• A WPPA Working Group will be formed to discuss stormwater, alternate fuel, etc. He suggested they need to write regulations that allow ports that want to install electric vehicle (EV) charging stations to join together for grant application purposes. Commissioner Faires asked how many EV stations would be installed as part of the new Administration Building Project. Mr. McChesney said it hasn’t been fixed yet, but he anticipates it will be more than 3 but less than 10. Commissioner Orvis noted that EV stations will be needed in the work stations for Port vehicles, as well.
• The gas tax needs to provide the ability to tax people who drive EVs, and it will likely involve a mileage tax. As the number of EVs increases, the utility districts will be stretched, and the Snohomish County Public Utility District appears to be ahead of most other utilities in the state as far as preparation.
• There was a cyber security workshop where a representative from Enduris talked about the outcomes associated with loss of records, theft and extortion, and operational disruption. Chris Osterman has done a better job of making the Port more secure than many other ports in the state.
Commissioner Orvis reported that the WPPA’s security group offers a bi-weekly webinar that provides numerous suggestions. He suggested the Commissioners should listen to the webinar about how to appropriately handle emails. Commissioner Faires suggested the Commissioners could also benefit from a briefing on the broader scope of security at the Port. Ms. Drennan cautioned that they need to be careful about what they discuss in public meetings regarding cyber security and potential vulnerabilities. Commissioner Faires commented that the Port, as a public entity, must ensure there is sufficient security, and Commissioner Johnston suggested the presentation could be more generic, pointing out what to look for, etc. Mr. McChesney agreed that Mr. Osterman has done an excellent job of staying on top of the security issues, and he could make a presentation to the Commission in August.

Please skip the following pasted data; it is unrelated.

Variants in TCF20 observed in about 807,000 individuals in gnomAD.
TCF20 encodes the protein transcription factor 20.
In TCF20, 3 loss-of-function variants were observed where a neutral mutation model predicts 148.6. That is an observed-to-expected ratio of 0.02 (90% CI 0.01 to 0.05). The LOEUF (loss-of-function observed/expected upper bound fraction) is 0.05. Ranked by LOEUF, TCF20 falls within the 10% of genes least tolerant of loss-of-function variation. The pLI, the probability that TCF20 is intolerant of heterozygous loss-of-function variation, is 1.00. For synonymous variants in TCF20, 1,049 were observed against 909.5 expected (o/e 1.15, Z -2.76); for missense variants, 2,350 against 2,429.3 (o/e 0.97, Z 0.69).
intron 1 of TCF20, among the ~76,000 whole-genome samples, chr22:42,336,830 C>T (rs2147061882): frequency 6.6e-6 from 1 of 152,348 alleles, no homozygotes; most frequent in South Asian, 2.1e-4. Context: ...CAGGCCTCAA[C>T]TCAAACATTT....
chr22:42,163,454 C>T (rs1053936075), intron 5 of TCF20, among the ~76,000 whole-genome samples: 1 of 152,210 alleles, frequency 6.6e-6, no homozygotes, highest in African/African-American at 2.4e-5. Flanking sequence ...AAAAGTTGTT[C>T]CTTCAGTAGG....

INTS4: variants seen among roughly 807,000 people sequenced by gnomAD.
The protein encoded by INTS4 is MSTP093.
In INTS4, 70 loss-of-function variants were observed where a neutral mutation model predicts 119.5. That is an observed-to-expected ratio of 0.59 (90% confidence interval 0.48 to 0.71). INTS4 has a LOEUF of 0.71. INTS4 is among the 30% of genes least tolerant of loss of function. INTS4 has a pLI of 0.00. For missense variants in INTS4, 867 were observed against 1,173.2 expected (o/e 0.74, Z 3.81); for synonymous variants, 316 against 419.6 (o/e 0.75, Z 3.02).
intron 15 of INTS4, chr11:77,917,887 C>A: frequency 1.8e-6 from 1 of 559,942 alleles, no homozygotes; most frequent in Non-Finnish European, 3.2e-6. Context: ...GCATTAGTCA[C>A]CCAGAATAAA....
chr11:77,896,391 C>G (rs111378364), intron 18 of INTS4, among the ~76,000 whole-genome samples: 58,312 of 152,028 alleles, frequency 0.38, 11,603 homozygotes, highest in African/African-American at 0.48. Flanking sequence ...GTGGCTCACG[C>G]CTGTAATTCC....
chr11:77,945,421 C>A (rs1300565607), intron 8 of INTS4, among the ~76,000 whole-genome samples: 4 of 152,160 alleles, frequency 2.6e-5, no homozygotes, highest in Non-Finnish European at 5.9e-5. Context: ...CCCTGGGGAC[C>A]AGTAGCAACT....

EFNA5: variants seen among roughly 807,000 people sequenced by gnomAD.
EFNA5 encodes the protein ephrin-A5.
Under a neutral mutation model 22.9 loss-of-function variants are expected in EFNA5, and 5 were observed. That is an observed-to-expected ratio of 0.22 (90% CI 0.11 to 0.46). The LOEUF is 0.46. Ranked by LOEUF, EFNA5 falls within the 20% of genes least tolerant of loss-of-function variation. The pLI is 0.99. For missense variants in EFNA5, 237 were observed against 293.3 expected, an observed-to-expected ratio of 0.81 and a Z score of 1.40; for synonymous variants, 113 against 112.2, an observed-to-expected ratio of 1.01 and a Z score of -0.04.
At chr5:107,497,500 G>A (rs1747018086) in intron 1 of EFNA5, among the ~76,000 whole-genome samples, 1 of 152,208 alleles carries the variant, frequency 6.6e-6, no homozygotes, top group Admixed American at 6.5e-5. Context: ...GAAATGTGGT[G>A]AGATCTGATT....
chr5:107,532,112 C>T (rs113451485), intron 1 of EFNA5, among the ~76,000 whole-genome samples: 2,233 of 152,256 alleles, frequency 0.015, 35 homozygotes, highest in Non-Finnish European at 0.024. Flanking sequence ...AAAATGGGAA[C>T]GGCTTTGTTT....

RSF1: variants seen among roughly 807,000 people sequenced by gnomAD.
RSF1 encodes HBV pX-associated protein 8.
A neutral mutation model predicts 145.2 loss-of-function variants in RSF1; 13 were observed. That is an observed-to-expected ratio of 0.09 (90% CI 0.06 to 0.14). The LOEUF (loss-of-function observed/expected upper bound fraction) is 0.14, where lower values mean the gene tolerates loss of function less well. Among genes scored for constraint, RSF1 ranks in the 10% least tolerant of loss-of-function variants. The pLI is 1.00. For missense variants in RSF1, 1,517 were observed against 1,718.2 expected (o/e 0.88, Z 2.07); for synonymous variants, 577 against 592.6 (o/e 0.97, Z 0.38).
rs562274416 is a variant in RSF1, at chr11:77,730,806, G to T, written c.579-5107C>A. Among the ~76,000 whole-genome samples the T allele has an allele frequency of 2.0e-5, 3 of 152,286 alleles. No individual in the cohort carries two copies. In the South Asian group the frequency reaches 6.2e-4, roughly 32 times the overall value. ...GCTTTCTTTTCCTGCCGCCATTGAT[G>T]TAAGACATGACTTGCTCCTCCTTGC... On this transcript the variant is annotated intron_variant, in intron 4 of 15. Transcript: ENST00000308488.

Commissioner Preston said he also attended the WPPA Commissioners Seminar and particularly enjoyed the cyber security workshop. He suggested that Commissioner Orvis get a copy of the cyber security workshop for the staff and Commissioners to review. However, he cautioned that the Port cannot consider itself safe from cyber theft, even if it does everything it possible can to prevent it. It is important to have adequate backup. Commissioner Johnston advised that Mr. Osterman has helped him to be extremely cautious as to what emails he opens.
Commissioner Preston said also learned that the Port of Olympia will likely increase the number of Commissioners from three to five. If they are successful, other entities will likely consider doing the same.
Commissioner Preston also reported that he attended some Downtown Edmonds Merchant Association (DEMA) meetings over the past several weeks.
The Commission meeting was adjourned at 9:46 a.m.
Port Commission Secretary